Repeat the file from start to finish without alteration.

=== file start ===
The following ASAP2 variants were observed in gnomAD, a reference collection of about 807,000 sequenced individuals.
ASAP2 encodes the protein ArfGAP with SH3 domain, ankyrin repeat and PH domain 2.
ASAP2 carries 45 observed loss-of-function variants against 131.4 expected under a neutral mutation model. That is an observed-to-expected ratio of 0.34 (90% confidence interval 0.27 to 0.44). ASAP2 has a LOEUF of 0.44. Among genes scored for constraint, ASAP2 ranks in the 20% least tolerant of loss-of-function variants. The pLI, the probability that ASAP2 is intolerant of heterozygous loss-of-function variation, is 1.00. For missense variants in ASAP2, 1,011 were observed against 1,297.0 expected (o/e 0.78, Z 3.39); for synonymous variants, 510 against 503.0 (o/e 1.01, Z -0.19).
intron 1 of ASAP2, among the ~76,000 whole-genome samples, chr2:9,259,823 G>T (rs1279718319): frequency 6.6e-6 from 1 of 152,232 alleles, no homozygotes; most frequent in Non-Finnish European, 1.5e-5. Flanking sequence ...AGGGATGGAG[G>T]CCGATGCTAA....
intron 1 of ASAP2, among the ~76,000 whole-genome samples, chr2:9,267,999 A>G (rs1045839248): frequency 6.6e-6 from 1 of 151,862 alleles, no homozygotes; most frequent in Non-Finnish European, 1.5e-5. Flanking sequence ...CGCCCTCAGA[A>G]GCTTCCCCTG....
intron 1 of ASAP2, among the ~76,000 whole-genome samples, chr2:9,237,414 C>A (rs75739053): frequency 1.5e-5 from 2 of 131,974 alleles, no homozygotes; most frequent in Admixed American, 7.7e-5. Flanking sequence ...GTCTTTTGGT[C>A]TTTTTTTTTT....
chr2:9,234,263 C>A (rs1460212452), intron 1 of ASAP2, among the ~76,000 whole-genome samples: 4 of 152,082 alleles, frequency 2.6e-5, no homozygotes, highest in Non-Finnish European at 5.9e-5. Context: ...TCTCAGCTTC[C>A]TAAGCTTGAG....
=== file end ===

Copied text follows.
The following ASAP2 variants were observed in gnomAD, a reference collection of about 807,000 sequenced individuals.
ASAP2 encodes the protein ArfGAP with SH3 domain, ankyrin repeat and PH domain 2.
ASAP2 carries 45 observed loss-of-function variants against 131.4 expected under a neutral mutation model. That is an observed-to-expected ratio of 0.34 (90% confidence interval 0.27 to 0.44). ASAP2 has a LOEUF of 0.44. Among genes scored for constraint, ASAP2 ranks in the 20% least tolerant of loss-of-function variants. The pLI, the probability that ASAP2 is intolerant of heterozygous loss-of-function variation, is 1.00. For missense variants in ASAP2, 1,011 were observed against 1,297.0 expected (o/e 0.78, Z 3.39); for synonymous variants, 510 against 503.0 (o/e 1.01, Z -0.19).
intron 1 of ASAP2, among the ~76,000 whole-genome samples, chr2:9,259,823 G>T (rs1279718319): frequency 6.6e-6 from 1 of 152,232 alleles, no homozygotes; most frequent in Non-Finnish European, 1.5e-5. Flanking sequence ...AGGGATGGAG[G>T]CCGATGCTAA....
intron 1 of ASAP2, among the ~76,000 whole-genome samples, chr2:9,267,999 A>G (rs1045839248): frequency 6.6e-6 from 1 of 151,862 alleles, no homozygotes; most frequent in Non-Finnish European, 1.5e-5. Flanking sequence ...CGCCCTCAGA[A>G]GCTTCCCCTG....
intron 1 of ASAP2, among the ~76,000 whole-genome samples, chr2:9,237,414 C>A (rs75739053): frequency 1.5e-5 from 2 of 131,974 alleles, no homozygotes; most frequent in Admixed American, 7.7e-5. Flanking sequence ...GTCTTTTGGT[C>A]TTTTTTTTTT....
chr2:9,234,263 C>A (rs1460212452), intron 1 of ASAP2, among the ~76,000 whole-genome samples: 4 of 152,082 alleles, frequency 2.6e-5, no homozygotes, highest in Non-Finnish European at 5.9e-5. Context: ...TCTCAGCTTC[C>A]TAAGCTTGAG....